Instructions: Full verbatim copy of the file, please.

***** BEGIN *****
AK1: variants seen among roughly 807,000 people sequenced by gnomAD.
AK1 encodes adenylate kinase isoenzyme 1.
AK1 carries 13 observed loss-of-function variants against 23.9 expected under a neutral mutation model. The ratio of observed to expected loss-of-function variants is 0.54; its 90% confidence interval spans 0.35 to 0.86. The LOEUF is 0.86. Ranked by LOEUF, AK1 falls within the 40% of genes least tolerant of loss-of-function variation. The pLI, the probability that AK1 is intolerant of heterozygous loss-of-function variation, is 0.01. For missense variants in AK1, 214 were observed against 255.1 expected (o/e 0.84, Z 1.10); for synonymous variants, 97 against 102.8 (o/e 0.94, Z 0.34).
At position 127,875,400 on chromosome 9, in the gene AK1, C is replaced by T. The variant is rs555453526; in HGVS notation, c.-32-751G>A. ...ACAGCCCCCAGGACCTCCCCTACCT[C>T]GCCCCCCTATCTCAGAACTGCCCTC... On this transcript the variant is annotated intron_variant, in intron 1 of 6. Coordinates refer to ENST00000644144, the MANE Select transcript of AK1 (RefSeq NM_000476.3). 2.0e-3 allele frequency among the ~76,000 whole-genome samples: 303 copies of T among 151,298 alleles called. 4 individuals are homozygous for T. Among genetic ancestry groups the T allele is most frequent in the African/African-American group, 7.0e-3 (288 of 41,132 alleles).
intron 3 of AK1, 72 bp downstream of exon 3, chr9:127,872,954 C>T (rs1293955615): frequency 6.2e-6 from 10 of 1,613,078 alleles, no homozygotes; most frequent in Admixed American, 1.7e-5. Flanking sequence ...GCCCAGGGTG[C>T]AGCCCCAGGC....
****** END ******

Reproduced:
AK1: variants seen among roughly 807,000 people sequenced by gnomAD.
AK1 encodes adenylate kinase isoenzyme 1.
AK1 carries 13 observed loss-of-function variants against 23.9 expected under a neutral mutation model. The ratio of observed to expected loss-of-function variants is 0.54; its 90% confidence interval spans 0.35 to 0.86. The LOEUF is 0.86. Ranked by LOEUF, AK1 falls within the 40% of genes least tolerant of loss-of-function variation. The pLI, the probability that AK1 is intolerant of heterozygous loss-of-function variation, is 0.01. For missense variants in AK1, 214 were observed against 255.1 expected (o/e 0.84, Z 1.10); for synonymous variants, 97 against 102.8 (o/e 0.94, Z 0.34).
At position 127,875,400 on chromosome 9, in the gene AK1, C is replaced by T. The variant is rs555453526; in HGVS notation, c.-32-751G>A. ...ACAGCCCCCAGGACCTCCCCTACCT[C>T]GCCCCCCTATCTCAGAACTGCCCTC... On this transcript the variant is annotated intron_variant, in intron 1 of 6. Coordinates refer to ENST00000644144, the MANE Select transcript of AK1 (RefSeq NM_000476.3). 2.0e-3 allele frequency among the ~76,000 whole-genome samples: 303 copies of T among 151,298 alleles called. 4 individuals are homozygous for T. Among genetic ancestry groups the T allele is most frequent in the African/African-American group, 7.0e-3 (288 of 41,132 alleles).
intron 3 of AK1, 72 bp downstream of exon 3, chr9:127,872,954 C>T (rs1293955615): frequency 6.2e-6 from 10 of 1,613,078 alleles, no homozygotes; most frequent in Admixed American, 1.7e-5. Flanking sequence ...GCCCAGGGTG[C>T]AGCCCCAGGC....